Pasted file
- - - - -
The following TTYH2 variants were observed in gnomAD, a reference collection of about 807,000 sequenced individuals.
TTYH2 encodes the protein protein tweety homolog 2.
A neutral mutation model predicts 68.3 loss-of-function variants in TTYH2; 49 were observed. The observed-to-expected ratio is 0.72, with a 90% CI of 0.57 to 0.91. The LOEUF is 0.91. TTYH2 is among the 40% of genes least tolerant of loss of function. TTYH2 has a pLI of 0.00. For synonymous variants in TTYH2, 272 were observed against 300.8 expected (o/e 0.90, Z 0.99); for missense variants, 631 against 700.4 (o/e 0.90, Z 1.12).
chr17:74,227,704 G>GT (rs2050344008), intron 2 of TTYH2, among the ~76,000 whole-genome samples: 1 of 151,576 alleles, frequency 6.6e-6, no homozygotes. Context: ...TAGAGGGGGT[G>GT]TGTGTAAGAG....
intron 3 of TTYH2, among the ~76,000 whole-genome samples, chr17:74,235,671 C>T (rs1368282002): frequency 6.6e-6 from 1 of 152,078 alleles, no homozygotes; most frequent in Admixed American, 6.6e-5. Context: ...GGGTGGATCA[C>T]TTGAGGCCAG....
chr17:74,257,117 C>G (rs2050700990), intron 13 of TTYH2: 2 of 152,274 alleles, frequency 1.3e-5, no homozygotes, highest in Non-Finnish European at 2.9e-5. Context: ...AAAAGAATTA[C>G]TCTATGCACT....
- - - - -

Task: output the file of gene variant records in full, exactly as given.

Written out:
The following TTYH2 variants were observed in gnomAD, a reference collection of about 807,000 sequenced individuals.
TTYH2 encodes the protein protein tweety homolog 2.
A neutral mutation model predicts 68.3 loss-of-function variants in TTYH2; 49 were observed. The observed-to-expected ratio is 0.72, with a 90% CI of 0.57 to 0.91. The LOEUF is 0.91. TTYH2 is among the 40% of genes least tolerant of loss of function. TTYH2 has a pLI of 0.00. For synonymous variants in TTYH2, 272 were observed against 300.8 expected (o/e 0.90, Z 0.99); for missense variants, 631 against 700.4 (o/e 0.90, Z 1.12).
chr17:74,227,704 G>GT (rs2050344008), intron 2 of TTYH2, among the ~76,000 whole-genome samples: 1 of 151,576 alleles, frequency 6.6e-6, no homozygotes. Context: ...TAGAGGGGGT[G>GT]TGTGTAAGAG....
intron 3 of TTYH2, among the ~76,000 whole-genome samples, chr17:74,235,671 C>T (rs1368282002): frequency 6.6e-6 from 1 of 152,078 alleles, no homozygotes; most frequent in Admixed American, 6.6e-5. Context: ...GGGTGGATCA[C>T]TTGAGGCCAG....
chr17:74,257,117 C>G (rs2050700990), intron 13 of TTYH2: 2 of 152,274 alleles, frequency 1.3e-5, no homozygotes, highest in Non-Finnish European at 2.9e-5. Context: ...AAAAGAATTA[C>G]TCTATGCACT....